Of course, in our line of work, that’s what we do all the time. But so do you, in a somewhat different, and perhaps unexpected, way.
Cars carry the most emotive of brands. They make a statement that is very visible as well as conferring pride of ownership and sometimes self-worth to drivers.
Most people use cars as a shorthand signal for the type of person that drives them. Mostly, this is highly inaccurate; ask an 18 year old what kind of person drives a Volvo and you will get a highly detailed verbal picture describing every aspect of the owner, down to what kind of clothes he or she is likely to wear, what their attitudes and politics are, and why they wouldn’t be seen driving one in a million years.
Actually, that opinion is likely to change not in a million years but maybe in ten – when they have a young family, the responsibilities of a job and maybe the car is owned by a company anyway. Then it describes a different set of attributes – safe, dependable, even a little individualistic compared to the BMW they would have chosen a decade before.
But hold on a minute: is it just the brand that holds the power to connect so emotionally with drivers, or the performance and abilities of the vehicles themselves? Research shows that the majority of new car buyers don’t go out with a performance or specification list in their hands and then test every car that falls within those parameters.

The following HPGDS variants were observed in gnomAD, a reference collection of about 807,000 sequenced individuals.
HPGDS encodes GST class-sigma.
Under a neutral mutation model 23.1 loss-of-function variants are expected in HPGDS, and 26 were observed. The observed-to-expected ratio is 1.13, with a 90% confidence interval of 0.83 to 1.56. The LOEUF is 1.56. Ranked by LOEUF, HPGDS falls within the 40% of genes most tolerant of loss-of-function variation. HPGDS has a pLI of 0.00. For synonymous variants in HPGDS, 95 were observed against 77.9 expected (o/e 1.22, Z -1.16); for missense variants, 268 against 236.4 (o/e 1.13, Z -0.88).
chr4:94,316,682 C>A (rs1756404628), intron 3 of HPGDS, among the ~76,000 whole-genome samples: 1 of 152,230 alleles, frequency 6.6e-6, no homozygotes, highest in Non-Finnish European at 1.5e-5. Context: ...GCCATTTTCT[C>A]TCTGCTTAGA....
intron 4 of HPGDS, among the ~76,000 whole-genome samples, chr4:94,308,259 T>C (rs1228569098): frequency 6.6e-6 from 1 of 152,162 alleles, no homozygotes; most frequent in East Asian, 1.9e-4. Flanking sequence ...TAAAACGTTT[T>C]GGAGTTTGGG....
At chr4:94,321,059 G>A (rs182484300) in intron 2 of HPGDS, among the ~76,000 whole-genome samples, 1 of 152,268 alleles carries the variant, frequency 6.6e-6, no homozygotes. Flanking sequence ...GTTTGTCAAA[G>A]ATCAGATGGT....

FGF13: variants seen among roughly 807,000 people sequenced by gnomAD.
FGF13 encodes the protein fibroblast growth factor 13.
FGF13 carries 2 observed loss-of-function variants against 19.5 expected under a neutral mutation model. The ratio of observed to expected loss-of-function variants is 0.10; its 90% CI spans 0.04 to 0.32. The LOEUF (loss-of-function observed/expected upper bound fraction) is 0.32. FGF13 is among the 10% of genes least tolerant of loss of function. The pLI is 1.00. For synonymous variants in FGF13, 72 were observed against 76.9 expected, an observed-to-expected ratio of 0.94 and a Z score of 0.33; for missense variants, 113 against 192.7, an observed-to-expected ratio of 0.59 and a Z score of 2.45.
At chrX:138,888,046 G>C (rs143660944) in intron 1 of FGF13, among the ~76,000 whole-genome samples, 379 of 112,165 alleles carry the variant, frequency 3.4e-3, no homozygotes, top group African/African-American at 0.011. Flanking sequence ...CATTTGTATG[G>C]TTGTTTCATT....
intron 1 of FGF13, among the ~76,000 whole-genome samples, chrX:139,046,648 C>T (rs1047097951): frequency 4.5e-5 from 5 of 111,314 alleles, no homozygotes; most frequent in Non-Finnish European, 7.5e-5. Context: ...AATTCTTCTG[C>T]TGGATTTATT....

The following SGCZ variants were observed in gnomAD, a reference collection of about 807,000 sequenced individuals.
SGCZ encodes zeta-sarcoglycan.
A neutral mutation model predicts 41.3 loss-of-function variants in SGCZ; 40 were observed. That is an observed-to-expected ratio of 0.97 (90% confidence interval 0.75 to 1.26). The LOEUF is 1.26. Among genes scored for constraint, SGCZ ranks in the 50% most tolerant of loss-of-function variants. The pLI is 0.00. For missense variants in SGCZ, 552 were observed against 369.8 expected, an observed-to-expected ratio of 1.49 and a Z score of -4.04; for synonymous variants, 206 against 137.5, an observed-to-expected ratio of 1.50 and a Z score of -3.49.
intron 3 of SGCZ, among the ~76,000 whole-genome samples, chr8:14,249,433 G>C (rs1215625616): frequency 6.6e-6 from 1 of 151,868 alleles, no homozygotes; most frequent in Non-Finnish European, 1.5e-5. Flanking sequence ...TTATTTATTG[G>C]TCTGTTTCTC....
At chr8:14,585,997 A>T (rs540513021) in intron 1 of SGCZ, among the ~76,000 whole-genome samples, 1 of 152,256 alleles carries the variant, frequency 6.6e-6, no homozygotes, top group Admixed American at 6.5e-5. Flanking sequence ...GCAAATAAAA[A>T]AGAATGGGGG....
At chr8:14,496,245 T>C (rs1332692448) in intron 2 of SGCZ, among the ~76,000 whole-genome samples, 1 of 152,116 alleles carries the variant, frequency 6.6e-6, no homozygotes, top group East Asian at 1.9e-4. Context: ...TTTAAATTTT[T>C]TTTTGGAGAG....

Instead, they go armed with a list of brands and pick from a range that suits their needs and budget from within that brand repertoire.
Here’s where it get tricky. A new car buyer wants a VW Golf. Sporty, German, solid, a little aspirational – it fulfils the needs of a picture that they have of themselves inside their heads. So how about a trip to the Seat showroom, just down the road, for an alternative test drive? Out of the question for most VW fans. A little dull perhaps. Spanish. A brand that may say little to them about how it fits into their mental wish-list.
And this is where we go back to the heading. Driving a brand is literally what people do. The Seat that might be spurned in favour of a Golf is pretty much the same car under the skin. The same with a lot of other brands. Maybe different trim, a slightly different specification, but nothing that would deter you about the car itself – except the badge on the back.
Your yearned-for Citroen C1 is a Toyota Aygo. Oh, and by the way, it’s also a Peugeot 107. Your Fiat may be a Suzuki – or is it the other way around?
Why is this happening? Compared with cars made just 30 years ago, modern vehicles are highly sophisticated, often described as ‘computers on wheels’. They cost a lot to develop, often in conjunction with the companies that make the Original Equipment that they are fitted with – and yet consumer expectation is that prices will remain relatively stable for each new model whilst marque competition drives fierce price comparison. It also means that ranges of new vehicles can be brought to market far faster than in the past, where each new car would have to have its own custom components, and maybe even its own production line.